Tot obesity drops, market ceiling still high

Tot obesity drops, market ceiling still high
Tot obesity drops, market ceiling still high

A slight decrease in obesity rates among young children has not altered the obesity market's potential. A national survey published in the Journal of the American Medical Association's February 26 issue shows that obesity among children ages 2 to 5 has dropped from 14% between 2003 and 2004 to 8% between 2011 and 2012.

This could seem like bad news for investors anxious about the prescription weight-loss market, but the positive findings for children have not carried over into the adult population. Instead, the national survey shows that obesity rates for women over 60 rose during this same period, from 31.5% to more than 38%, and that 33% of all adults are obese, while 17% of children and teens are also obese.

The cascade of conditions associated with obesity, which include cancer, heart disease and diabetes, is of individual as well as national concern partly because of the ripple effect these discrete conditions have on individual and national health costs. The totality of these factors—which also has an impact on overall economic output—add to the urgency associated with obesity, which was only recognized as a disease in the past year.

Yet marketing prescriptions as a weight-loss tool has not been a smash in terms of prescription rates. Early-to-market drugs like Qsymia, which Vivus introduced to the market in 2012, and Arena's Belviq have not made a deep impression among payers and patients, despite what appears to be a pent-up demand for solutions to a condition that is a figurative and literal weight on the healthcare continuum.

“Our financial results for this most recent quarter and for 2013 overall were disappointing,” Vivus CEO Seth Fischer said in an earnings statement that showed a widening of the net loss to $175.4 million for 2013, compared to a net loss of $139.9 million in 2012. The company attributed some of the loss to higher SG&A costs associated with Qsymia marketing. The company also manufactures the ED drug Stendra.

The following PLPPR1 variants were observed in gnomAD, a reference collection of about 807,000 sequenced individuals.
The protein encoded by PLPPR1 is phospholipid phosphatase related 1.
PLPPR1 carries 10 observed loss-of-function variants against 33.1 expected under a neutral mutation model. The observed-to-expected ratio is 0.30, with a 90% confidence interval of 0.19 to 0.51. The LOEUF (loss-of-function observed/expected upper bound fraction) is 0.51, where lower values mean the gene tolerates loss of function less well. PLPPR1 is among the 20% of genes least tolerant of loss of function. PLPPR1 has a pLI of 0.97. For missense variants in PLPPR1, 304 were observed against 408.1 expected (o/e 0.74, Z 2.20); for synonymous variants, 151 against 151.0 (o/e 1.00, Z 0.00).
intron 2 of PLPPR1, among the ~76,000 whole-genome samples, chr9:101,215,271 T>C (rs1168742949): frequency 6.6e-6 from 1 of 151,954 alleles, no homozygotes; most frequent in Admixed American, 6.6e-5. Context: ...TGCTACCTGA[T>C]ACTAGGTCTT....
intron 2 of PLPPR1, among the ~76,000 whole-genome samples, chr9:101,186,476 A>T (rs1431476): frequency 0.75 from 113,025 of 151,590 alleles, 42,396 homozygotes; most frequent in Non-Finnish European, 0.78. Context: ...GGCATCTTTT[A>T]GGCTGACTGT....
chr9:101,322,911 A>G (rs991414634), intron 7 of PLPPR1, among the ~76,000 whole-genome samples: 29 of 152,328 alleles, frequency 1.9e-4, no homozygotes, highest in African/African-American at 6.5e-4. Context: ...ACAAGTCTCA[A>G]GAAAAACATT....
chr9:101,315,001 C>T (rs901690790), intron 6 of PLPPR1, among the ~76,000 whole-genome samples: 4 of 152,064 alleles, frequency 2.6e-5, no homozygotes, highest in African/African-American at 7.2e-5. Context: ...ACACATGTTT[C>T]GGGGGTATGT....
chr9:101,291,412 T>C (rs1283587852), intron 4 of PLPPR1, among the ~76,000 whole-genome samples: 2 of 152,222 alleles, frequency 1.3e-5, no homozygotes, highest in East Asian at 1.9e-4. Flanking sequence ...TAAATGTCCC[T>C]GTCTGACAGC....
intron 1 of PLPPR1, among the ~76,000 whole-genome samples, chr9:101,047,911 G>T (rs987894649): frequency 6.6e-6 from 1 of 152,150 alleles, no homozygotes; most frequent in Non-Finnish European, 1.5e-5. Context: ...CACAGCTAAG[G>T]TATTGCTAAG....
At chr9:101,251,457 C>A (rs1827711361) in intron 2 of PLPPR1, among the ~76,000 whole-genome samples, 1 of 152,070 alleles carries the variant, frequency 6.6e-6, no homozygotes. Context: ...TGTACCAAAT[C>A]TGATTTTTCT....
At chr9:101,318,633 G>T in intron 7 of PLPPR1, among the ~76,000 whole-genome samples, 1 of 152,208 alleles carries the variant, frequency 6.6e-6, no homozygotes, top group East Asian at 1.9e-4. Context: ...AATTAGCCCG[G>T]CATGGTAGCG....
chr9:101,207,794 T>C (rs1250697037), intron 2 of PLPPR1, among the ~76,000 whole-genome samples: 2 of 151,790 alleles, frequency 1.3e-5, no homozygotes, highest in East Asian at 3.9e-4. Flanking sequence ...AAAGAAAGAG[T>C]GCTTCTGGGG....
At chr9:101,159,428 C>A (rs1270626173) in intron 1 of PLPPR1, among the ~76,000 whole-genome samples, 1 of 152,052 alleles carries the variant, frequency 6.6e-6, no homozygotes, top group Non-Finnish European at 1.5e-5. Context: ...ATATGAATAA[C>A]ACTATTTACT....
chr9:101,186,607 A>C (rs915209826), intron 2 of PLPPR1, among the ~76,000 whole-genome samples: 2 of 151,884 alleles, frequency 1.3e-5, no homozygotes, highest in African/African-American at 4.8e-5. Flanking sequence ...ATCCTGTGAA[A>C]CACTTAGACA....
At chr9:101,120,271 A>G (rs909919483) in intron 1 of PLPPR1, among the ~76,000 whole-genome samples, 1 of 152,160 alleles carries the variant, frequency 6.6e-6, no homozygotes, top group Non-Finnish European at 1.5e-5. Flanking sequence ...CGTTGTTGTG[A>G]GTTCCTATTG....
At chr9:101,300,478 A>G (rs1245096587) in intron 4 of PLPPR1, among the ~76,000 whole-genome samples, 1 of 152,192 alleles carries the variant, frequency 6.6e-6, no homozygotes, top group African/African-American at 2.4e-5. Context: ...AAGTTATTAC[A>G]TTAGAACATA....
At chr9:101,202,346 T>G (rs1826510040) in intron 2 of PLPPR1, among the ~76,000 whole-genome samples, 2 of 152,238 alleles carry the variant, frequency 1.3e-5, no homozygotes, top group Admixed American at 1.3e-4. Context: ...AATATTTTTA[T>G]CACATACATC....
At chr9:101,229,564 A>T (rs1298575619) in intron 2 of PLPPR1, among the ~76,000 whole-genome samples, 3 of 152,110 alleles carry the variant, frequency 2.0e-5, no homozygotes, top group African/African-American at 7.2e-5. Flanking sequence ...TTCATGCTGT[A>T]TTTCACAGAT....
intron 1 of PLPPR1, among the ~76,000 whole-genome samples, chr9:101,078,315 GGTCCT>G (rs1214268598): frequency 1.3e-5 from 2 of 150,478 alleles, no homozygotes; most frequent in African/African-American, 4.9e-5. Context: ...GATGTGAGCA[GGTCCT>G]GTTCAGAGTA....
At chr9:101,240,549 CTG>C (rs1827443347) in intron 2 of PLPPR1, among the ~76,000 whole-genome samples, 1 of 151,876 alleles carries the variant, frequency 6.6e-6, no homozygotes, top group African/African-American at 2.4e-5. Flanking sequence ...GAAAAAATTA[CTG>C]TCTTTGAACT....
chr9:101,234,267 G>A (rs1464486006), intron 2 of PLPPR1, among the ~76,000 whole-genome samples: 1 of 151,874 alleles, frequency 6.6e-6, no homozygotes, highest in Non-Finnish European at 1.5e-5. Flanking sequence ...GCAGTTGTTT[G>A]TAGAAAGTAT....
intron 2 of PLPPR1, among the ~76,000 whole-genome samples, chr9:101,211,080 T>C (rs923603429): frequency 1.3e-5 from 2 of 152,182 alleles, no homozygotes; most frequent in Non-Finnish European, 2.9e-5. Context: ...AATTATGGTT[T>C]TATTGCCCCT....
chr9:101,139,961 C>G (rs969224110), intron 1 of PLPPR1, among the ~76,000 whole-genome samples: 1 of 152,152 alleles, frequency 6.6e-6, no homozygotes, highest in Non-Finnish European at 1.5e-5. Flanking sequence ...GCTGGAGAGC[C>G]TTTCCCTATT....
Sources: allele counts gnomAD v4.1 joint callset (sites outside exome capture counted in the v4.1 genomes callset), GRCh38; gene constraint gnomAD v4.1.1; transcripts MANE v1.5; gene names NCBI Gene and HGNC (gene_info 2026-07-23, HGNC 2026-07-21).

Vivus's fourth-quarter and year-end results indicate that investors are in for a longish slog, despite recent positives such as the January 2013 agreement with PBM Caremark, which gives Qsymia space on subscriber formularies as a tier-2 preferred brand or tier-3 non-preferred brand for co-pays ranging from $15 to $75. The drugmaker says this agreement increases the number of covered lives to 43% at tier 3 or better.

At the same time, Vivus is abandoning some of its consumer discounts this quarter. Jefferies analyst Thomas Wei wrote in his February 25 research note that the company will end a program that puts a $75 ceiling on the first three months of treatment for a pre-determined dose.

Instead, the analyst wrote, the company is providing greater dosing flexibility, a move he says may drive the amount the company makes from each prescription from the current $62 per prescription to $100. Wei noted that the math is more complicated because the new discount program “will result in net higher out-of-pocket costs to patients.”

Despite a seeming lack of performance in the sector as a whole, expectations remain high. Wei notes that Vivus saw fourth-quarter prescriptions rise 13% over those in Q4 2012. The recent fourth quarter's 124,000 prescriptions is not a spike, but Wei noted that Bloomberg data overestimated Q4 growth at between 128,000 and 129,000.